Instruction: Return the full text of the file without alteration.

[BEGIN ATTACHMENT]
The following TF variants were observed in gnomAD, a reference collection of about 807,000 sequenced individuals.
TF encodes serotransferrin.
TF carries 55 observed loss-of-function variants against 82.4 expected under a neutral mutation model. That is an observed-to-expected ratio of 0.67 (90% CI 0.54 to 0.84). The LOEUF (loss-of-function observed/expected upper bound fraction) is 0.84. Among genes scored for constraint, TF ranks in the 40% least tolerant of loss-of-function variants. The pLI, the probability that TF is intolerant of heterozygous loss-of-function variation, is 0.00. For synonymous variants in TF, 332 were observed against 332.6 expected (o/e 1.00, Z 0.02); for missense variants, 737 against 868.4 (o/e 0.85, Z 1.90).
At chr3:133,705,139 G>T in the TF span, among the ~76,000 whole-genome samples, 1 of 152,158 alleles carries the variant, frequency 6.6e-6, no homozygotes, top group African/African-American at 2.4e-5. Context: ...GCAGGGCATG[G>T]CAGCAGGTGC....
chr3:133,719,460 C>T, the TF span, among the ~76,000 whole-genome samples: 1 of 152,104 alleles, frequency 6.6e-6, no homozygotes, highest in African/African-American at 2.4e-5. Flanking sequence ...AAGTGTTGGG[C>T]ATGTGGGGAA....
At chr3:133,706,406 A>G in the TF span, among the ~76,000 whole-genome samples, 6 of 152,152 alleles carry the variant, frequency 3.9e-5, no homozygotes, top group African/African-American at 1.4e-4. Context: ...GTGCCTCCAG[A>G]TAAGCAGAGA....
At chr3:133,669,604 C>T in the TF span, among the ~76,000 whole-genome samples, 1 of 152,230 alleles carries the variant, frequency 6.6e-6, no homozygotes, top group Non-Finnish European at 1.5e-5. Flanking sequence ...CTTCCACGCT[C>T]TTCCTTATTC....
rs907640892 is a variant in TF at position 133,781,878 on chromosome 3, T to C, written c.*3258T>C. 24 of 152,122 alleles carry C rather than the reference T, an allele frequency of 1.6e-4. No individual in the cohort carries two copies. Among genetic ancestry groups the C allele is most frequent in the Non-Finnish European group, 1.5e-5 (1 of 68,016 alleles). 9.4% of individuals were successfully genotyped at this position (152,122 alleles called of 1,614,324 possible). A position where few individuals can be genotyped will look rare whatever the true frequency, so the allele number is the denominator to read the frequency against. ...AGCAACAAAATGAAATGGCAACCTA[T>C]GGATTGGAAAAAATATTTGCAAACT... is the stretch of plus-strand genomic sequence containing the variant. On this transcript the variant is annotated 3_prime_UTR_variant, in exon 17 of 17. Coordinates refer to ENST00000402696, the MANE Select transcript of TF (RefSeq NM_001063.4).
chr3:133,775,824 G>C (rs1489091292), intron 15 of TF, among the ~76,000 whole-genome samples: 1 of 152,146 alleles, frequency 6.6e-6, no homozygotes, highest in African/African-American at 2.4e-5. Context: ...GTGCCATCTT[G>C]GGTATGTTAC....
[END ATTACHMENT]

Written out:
The following TF variants were observed in gnomAD, a reference collection of about 807,000 sequenced individuals.
TF encodes serotransferrin.
TF carries 55 observed loss-of-function variants against 82.4 expected under a neutral mutation model. That is an observed-to-expected ratio of 0.67 (90% CI 0.54 to 0.84). The LOEUF (loss-of-function observed/expected upper bound fraction) is 0.84. Among genes scored for constraint, TF ranks in the 40% least tolerant of loss-of-function variants. The pLI, the probability that TF is intolerant of heterozygous loss-of-function variation, is 0.00. For synonymous variants in TF, 332 were observed against 332.6 expected (o/e 1.00, Z 0.02); for missense variants, 737 against 868.4 (o/e 0.85, Z 1.90).
At chr3:133,705,139 G>T in the TF span, among the ~76,000 whole-genome samples, 1 of 152,158 alleles carries the variant, frequency 6.6e-6, no homozygotes, top group African/African-American at 2.4e-5. Context: ...GCAGGGCATG[G>T]CAGCAGGTGC....
chr3:133,719,460 C>T, the TF span, among the ~76,000 whole-genome samples: 1 of 152,104 alleles, frequency 6.6e-6, no homozygotes, highest in African/African-American at 2.4e-5. Flanking sequence ...AAGTGTTGGG[C>T]ATGTGGGGAA....
At chr3:133,706,406 A>G in the TF span, among the ~76,000 whole-genome samples, 6 of 152,152 alleles carry the variant, frequency 3.9e-5, no homozygotes, top group African/African-American at 1.4e-4. Context: ...GTGCCTCCAG[A>G]TAAGCAGAGA....
At chr3:133,669,604 C>T in the TF span, among the ~76,000 whole-genome samples, 1 of 152,230 alleles carries the variant, frequency 6.6e-6, no homozygotes, top group Non-Finnish European at 1.5e-5. Flanking sequence ...CTTCCACGCT[C>T]TTCCTTATTC....
rs907640892 is a variant in TF at position 133,781,878 on chromosome 3, T to C, written c.*3258T>C. 24 of 152,122 alleles carry C rather than the reference T, an allele frequency of 1.6e-4. No individual in the cohort carries two copies. Among genetic ancestry groups the C allele is most frequent in the Non-Finnish European group, 1.5e-5 (1 of 68,016 alleles). 9.4% of individuals were successfully genotyped at this position (152,122 alleles called of 1,614,324 possible). A position where few individuals can be genotyped will look rare whatever the true frequency, so the allele number is the denominator to read the frequency against. ...AGCAACAAAATGAAATGGCAACCTA[T>C]GGATTGGAAAAAATATTTGCAAACT... is the stretch of plus-strand genomic sequence containing the variant. On this transcript the variant is annotated 3_prime_UTR_variant, in exon 17 of 17. Coordinates refer to ENST00000402696, the MANE Select transcript of TF (RefSeq NM_001063.4).
chr3:133,775,824 G>C (rs1489091292), intron 15 of TF, among the ~76,000 whole-genome samples: 1 of 152,146 alleles, frequency 6.6e-6, no homozygotes, highest in African/African-American at 2.4e-5. Context: ...GTGCCATCTT[G>C]GGTATGTTAC....